The pockmarked streets of Tacoma are among the city’s most egalitarian — and reviled — aspects. Potholes and gapped sidewalks plague the city’s richest and poorest neighborhoods, with city officials perennially saying more money is needed for repair, maintenance and improvement. And voters have repeatedly rejected ballot proposals to more to fix their streets, most recently in 2013.
This fall, the city is trying for the third time in a decade to win voters’ support for a road-repair measure, with a blend of property taxes, sales taxes and utilities fees complicated enough that it requires two spots on the ballot, propositions 3 and A. If both pass, they’ll give the city $175 million over the next decade to mend worn-out streets, connect patches of sidewalk and pave the 167 blocks of nothing-but-gravel streets Mayor Marilyn Strickland calls “pretty shocking” for a modern urban area.
“I think if you talk to every person [in] every part of town, they will say ‘My streets are worst,’” Strickland said. “I think the problem is so widespread that there’s a need in every neighborhood, absolutely.”
If the taxes pass, Strickland says they’ll be accompanied by another $150 million in grant and city funding to create a $325 million, 10-year program for problems so widespread that a total repair estimate hasn’t been calculated in years. (The last estimate, in 2006, pegged the total fix-everything bill at $800 million for residential areas). After a decade, the taxes expire.
The money would be spent on maintenance as well as repair programs, Public Works Director Kurtis Kingsolver said.
“Really the best thing that we can do is sustain the roads that we have that are in good condition,” Kingsolver said. “It’s a lot cheaper to do that than it is to build new roads. So a primary goal of this is to take the residential streets that are in good condition and get the life out of those that we can, so that we’re not rebuilding those quicker.”
If both measures are approved, city officials expect private contractors to hire around 400 new employees to handle most of the labor for the decade of road rebuilding. Kingsolver said the streets department would add 25 staffers and possibly acquire a new pothole-repair truck.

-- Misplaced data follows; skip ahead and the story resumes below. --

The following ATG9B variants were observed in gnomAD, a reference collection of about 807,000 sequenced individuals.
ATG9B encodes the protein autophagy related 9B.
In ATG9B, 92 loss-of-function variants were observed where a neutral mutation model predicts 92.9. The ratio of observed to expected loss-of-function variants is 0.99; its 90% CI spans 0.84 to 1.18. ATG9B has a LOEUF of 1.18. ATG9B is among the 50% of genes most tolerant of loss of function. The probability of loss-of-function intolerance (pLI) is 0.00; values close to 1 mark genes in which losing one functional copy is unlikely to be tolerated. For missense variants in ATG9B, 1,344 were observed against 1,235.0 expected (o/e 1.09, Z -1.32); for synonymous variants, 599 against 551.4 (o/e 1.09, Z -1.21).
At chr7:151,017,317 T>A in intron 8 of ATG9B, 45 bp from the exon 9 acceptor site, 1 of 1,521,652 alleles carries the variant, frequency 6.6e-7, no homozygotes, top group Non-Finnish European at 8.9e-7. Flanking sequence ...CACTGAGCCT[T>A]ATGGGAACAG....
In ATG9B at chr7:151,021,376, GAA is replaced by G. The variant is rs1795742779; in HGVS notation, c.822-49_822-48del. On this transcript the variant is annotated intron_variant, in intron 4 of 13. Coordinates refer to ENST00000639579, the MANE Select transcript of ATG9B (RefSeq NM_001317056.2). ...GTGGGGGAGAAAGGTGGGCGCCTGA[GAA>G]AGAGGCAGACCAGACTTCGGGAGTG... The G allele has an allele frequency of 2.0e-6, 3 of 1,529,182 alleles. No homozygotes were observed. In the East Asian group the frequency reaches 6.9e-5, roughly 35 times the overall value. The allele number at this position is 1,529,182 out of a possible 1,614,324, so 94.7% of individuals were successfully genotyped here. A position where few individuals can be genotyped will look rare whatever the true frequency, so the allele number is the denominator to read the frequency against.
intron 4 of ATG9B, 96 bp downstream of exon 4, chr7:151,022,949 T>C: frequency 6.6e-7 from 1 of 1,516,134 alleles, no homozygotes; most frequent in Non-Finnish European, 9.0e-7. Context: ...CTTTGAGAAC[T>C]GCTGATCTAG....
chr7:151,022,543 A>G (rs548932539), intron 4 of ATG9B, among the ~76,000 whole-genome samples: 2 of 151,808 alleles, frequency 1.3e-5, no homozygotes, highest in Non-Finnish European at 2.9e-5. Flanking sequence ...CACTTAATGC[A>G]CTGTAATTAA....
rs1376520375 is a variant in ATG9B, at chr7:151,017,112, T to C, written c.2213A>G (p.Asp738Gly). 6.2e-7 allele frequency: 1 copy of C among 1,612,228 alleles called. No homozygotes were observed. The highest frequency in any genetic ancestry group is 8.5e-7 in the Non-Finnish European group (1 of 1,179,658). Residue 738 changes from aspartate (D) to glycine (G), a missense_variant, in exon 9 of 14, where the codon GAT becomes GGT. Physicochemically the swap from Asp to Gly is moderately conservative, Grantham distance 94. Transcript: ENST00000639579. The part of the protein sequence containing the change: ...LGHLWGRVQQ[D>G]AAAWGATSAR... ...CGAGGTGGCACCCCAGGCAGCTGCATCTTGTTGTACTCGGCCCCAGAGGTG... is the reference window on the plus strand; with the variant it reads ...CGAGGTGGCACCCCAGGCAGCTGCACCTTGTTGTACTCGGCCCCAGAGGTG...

“If we have the resources to do it, we’ll do a phenomenal job,” Kingsolver said. “I guarantee it.”
Strickland professed optimism that city voters — who in 2013 rejected a permanent 2 percent tax on utility earnings that would have cost an average household $5 monthly and sent $11 million annually toward city road work — will approve the city’s proposal this time.
“Most people recognize there’s a problem,” Strickland said, “and there’s a recognition that without a new source of revenue that is dedicated, we’re never going to make progress on solving this problem.”
This year’s proposal costs more — an average household will pay $7.50 if this plan passes in full, she said, with the burden split between a 1.5 percent utility tax, a 0.1 percent bump in city sales taxes and a property-tax increase of 20 cents per $1,000 of assessed value.
The 2013 proposal drew criticism for being too small to make a meaningful dent in the roadwork backlog and too dependent on businesses to bear the cost, since commercial accounts pay more than half of Tacoma Power’s revenues. The Tacoma-Pierce County Chamber of Commerce was among the interests that spent a total of almost $100,000 on advertisements to defeat that plan..
This year, the chamber is on board. It endorsed both ballot propositions in August.
“Comparing the last package to this package, part of it was that we wanted to make sure that whatever they got was enough to make an impact,” Chamber of Commerce President and CEO Tom Pierson said. “... Businesses will be paying a large percentage of that, but we felt that it is shared broadly enough. It’s a problem for everybody.”
Pierson said that chamber members feel the city can’t cut costs enough to fix the problems created by decades of underfunded road maintenance, and that city officials now spend money responsibly enough to justify putting more money into fixing roads.